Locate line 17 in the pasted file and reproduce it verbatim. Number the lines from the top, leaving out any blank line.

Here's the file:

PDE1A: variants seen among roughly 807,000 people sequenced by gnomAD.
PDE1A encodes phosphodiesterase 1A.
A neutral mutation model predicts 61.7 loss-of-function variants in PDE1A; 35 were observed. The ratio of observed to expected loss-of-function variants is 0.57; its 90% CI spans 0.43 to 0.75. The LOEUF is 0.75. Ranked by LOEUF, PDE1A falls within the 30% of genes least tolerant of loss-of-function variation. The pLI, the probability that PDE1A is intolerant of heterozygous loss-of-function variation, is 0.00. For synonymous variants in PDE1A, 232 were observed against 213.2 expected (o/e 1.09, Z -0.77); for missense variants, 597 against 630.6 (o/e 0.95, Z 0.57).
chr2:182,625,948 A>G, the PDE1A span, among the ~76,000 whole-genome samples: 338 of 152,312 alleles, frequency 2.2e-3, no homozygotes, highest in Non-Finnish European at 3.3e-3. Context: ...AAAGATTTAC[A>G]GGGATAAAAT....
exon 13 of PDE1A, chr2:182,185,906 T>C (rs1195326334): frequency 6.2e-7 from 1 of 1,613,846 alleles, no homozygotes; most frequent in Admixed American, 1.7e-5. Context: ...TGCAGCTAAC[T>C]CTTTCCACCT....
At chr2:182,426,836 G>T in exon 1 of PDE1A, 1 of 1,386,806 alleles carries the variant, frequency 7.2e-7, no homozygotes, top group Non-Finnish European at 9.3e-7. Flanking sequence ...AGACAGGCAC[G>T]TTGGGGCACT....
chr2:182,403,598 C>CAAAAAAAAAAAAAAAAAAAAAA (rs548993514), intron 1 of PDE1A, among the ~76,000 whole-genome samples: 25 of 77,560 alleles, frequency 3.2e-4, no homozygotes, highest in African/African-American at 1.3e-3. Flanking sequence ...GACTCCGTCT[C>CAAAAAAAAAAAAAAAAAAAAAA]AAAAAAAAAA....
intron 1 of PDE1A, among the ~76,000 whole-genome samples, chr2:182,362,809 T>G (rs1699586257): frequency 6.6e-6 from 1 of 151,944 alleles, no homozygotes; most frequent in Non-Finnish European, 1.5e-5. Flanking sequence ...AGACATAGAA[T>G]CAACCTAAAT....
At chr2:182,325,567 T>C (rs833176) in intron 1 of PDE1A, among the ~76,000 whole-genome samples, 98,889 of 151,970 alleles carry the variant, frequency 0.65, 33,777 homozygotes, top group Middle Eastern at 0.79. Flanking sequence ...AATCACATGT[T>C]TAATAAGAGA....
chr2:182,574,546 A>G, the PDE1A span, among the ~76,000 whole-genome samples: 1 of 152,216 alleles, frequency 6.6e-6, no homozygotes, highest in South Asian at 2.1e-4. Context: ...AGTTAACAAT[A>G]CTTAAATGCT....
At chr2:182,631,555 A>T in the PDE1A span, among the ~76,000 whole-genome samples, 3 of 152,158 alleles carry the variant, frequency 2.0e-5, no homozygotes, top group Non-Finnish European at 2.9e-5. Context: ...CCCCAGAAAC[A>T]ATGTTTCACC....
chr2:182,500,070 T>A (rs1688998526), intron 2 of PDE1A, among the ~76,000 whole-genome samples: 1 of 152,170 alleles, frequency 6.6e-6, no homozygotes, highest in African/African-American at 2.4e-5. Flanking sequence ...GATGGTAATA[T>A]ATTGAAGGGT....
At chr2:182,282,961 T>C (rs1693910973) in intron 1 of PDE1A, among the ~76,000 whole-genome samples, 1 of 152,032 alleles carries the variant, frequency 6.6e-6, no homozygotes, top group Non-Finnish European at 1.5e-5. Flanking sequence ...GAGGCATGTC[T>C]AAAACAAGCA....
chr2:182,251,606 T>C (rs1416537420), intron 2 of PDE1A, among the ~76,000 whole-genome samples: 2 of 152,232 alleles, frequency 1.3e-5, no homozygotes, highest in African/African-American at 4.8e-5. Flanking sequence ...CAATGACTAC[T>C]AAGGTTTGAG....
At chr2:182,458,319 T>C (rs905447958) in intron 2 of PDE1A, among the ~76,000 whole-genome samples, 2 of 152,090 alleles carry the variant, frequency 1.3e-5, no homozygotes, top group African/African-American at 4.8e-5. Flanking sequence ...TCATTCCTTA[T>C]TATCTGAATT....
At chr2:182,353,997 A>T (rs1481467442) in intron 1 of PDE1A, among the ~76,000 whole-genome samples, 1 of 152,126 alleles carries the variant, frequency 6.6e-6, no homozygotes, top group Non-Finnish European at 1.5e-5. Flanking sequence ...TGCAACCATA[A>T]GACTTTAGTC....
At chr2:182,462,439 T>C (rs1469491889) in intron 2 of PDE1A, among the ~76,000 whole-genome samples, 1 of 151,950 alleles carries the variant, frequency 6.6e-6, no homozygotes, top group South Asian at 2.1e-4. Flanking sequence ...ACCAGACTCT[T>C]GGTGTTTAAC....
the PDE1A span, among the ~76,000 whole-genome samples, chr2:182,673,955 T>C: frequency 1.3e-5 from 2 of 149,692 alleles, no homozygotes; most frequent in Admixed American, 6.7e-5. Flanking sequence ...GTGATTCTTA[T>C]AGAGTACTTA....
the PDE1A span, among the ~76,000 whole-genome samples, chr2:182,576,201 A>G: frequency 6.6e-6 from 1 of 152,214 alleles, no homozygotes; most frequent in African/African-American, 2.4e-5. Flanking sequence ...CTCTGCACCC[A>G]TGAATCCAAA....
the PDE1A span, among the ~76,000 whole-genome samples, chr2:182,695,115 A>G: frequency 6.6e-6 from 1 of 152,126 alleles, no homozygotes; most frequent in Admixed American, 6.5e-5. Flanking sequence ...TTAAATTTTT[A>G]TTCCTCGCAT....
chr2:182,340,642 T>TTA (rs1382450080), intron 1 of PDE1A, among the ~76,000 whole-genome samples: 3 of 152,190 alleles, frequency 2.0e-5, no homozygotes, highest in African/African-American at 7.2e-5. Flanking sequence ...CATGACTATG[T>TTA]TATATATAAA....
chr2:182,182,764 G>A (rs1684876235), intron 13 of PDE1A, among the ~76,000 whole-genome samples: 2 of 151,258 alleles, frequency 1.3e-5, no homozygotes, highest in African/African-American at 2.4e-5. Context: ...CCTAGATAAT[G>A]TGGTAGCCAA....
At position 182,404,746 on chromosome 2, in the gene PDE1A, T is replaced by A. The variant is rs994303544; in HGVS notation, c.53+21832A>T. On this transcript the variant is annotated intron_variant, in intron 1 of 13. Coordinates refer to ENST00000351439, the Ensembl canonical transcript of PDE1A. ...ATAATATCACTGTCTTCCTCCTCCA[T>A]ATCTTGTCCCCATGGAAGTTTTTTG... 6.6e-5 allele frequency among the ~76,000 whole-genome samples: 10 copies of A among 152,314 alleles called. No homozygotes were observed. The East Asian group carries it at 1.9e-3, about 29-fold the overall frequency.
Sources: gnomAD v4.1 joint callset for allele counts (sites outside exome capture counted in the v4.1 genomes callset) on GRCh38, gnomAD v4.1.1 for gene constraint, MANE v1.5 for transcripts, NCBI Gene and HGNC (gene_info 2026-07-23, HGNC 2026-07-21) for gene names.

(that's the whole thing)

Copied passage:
At chr2:182,462,439 T>C (rs1469491889) in intron 2 of PDE1A, among the ~76,000 whole-genome samples, 1 of 151,950 alleles carries the variant, frequency 6.6e-6, no homozygotes, top group South Asian at 2.1e-4. Flanking sequence ...ACCAGACTCT[T>C]GGTGTTTAAC....